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PHCC looking into campus police
Monday, February 11, 2013
By MICKEY POWELL - Bulletin Staff Writer
Patrick Henry Community College (PHCC) is proposing to establish a police department as part of efforts to improve campus security.
Crime and other mischief are rare on campus, according to Gary Dove, the college’s emergency planning coordinator.
When it happens, it usually is minor, he said — for instance, a fight between two students or someone reporting that a personal computer left behind in a classroom is gone when he goes back to get it.
However, there always is a potential for more serious crime to occur, said Dove, a retired lieutenant with the Martinsville Police Department. He mentioned the April 2007 shootings at Virginia Tech and the December massacre at Sandy Hook Elementary School in Connecticut as examples.
Following those incidents, Dove said, “everybody (in education) is taking another look at how they do security and take care of students and other people on their campuses.”
PHCC is “a very safe, comfortable place for students to come and get their education,” he said. “We want to do everything we can to keep it that way.”
Wytheville Community College established a police department last year and most other community colleges in Virginia are in the process of starting their own, Dove said. He added that most colleges now think “a police department is the best way to go” to protect students from any potential trouble.
A formal plan to start a police department at PHCC will be presented to the college’s board later this month, said Public Relations Director Kris Landrum.
Plans are for PHCC’s police department to have a staff of five, including two sworn police officers as well as three security officers already working for the college, according to Dove.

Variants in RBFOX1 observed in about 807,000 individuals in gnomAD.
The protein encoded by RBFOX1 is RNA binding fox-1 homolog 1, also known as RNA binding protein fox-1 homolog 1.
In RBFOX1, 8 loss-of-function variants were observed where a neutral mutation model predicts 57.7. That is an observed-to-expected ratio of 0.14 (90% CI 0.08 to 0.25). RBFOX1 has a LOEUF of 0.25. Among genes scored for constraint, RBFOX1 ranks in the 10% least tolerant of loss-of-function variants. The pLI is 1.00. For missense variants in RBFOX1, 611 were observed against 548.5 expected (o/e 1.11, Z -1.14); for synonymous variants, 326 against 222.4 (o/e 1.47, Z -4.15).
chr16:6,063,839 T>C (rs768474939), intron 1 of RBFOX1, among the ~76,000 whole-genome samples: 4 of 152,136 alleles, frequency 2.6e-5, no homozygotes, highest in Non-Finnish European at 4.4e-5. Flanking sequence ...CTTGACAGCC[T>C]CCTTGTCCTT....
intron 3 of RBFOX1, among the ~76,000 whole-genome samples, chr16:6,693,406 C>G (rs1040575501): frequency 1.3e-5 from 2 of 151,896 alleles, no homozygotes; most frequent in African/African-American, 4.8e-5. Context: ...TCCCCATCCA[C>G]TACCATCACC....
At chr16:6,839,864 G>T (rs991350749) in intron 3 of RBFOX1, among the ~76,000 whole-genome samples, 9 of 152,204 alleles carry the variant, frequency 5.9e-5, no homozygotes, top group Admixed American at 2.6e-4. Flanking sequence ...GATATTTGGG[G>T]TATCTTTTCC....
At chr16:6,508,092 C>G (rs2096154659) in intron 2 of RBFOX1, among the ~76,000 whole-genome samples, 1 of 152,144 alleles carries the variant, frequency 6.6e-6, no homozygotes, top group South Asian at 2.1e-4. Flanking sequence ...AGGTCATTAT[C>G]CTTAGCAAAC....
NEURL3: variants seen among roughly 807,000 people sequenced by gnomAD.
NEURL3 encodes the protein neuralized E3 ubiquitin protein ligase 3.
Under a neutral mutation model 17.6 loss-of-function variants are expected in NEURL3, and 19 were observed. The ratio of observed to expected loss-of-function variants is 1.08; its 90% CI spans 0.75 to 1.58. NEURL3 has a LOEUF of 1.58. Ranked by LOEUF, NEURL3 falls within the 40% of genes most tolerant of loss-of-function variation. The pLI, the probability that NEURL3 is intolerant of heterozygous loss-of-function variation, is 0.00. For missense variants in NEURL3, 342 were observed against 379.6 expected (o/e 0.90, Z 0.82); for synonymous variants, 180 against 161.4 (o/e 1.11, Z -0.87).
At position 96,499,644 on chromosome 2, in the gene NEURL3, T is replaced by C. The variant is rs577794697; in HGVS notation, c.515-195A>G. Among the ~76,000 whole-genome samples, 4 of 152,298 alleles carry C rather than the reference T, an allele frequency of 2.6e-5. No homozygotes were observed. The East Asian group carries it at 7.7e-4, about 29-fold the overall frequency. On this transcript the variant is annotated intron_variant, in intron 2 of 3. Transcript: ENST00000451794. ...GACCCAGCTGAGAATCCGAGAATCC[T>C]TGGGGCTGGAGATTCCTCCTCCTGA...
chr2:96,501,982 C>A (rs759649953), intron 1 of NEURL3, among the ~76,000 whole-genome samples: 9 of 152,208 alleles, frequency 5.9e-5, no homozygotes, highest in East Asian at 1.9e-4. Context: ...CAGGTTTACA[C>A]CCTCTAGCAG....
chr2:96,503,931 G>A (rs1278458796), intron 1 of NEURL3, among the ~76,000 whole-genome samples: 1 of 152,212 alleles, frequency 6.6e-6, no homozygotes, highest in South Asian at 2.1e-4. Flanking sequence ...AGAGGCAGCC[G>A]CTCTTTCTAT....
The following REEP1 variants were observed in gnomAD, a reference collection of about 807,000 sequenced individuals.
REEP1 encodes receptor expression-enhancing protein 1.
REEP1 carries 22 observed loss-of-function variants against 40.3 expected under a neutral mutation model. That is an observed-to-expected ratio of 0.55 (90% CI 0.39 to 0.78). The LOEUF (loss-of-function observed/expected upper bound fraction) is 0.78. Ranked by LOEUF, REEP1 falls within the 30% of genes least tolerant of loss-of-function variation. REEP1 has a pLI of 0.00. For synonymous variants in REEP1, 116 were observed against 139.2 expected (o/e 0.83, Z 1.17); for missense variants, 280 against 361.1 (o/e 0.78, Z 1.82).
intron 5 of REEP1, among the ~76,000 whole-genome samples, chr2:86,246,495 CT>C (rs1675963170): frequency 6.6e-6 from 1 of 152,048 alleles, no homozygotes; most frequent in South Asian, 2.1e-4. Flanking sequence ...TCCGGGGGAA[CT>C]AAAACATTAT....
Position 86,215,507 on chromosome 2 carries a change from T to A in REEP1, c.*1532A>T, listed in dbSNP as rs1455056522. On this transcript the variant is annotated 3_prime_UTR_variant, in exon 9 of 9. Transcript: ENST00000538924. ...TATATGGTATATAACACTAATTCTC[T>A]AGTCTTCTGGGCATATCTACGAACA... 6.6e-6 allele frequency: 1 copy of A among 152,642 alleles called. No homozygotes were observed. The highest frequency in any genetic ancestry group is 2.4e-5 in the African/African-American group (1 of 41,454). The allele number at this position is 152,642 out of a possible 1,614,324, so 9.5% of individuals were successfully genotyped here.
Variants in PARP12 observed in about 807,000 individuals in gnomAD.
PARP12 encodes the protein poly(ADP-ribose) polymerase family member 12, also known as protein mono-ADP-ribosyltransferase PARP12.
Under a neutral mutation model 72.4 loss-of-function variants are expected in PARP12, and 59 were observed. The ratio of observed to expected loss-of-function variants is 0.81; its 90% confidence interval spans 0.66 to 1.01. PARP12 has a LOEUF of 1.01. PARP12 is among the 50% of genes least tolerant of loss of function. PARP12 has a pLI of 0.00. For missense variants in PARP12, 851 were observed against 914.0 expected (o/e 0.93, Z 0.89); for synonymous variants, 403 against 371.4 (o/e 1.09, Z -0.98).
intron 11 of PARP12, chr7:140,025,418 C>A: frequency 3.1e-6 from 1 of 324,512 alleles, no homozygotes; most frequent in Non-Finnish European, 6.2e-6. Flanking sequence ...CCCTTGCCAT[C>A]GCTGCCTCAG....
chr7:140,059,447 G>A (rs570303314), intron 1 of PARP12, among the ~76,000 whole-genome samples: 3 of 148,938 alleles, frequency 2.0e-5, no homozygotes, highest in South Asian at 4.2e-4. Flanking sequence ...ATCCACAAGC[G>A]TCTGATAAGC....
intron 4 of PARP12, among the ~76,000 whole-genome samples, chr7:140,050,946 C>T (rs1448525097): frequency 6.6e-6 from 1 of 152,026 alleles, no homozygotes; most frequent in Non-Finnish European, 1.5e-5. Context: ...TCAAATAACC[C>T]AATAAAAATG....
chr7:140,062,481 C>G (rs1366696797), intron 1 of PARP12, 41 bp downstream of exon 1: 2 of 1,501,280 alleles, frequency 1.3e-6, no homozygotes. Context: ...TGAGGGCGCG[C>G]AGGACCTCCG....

If the college board and state officials approve the department, PHCC will advertise for police officers. Dove said the college hopes to be able to hire experienced officers. If it cannot, it would send its officers to the locally-based Piedmont Regional Criminal Justice Training Academy, he said.
He added that if a campus incident ever needs more response than PHCC’s police department could provide, backup from the Henry County Sheriff’s Office, Virginia State Police and Martinsville police may be sought.
The college already has implemented some new security measures.
Generally, the “PHCC Alert” system has been used to deliver emergency messages — storm warnings, for example — to employees’ and students’ computers and mobile phones.
Dove said, though, that college officials have found locations on campus where it is hard for cell phones to receive the alerts.
For that reason, electronic speaker boxes have been installed in and atop campus buildings. The boxes will broadcast voice messages in emergencies.
Although the boxes are small, they are powerful. Dove said he has been told that when the speaker system has been tested, the outdoor boxes have been heard clearly at the Bowles Industrial Park down the road.
Unlike similar systems on other college campuses, PHCC’s speaker system does not have a siren, he said.
“Call stations” have been installed in campus parking lots and on sides of buildings. Press a button on a station and almost instantly “you’re in direct contact” with a security officer, Dove said.
When a button is pressed, an officer can hear what is going on in the area near the station. So in situations where it might be unsafe to speak, the officer still can realize there is an emergency and respond, Dove added.
PHCC now has an emergency phone line, 638-PHCC (7422), that people can call from their phones and be connected to a security officer.
Dove emphasized that someone should only call that number in an emergency.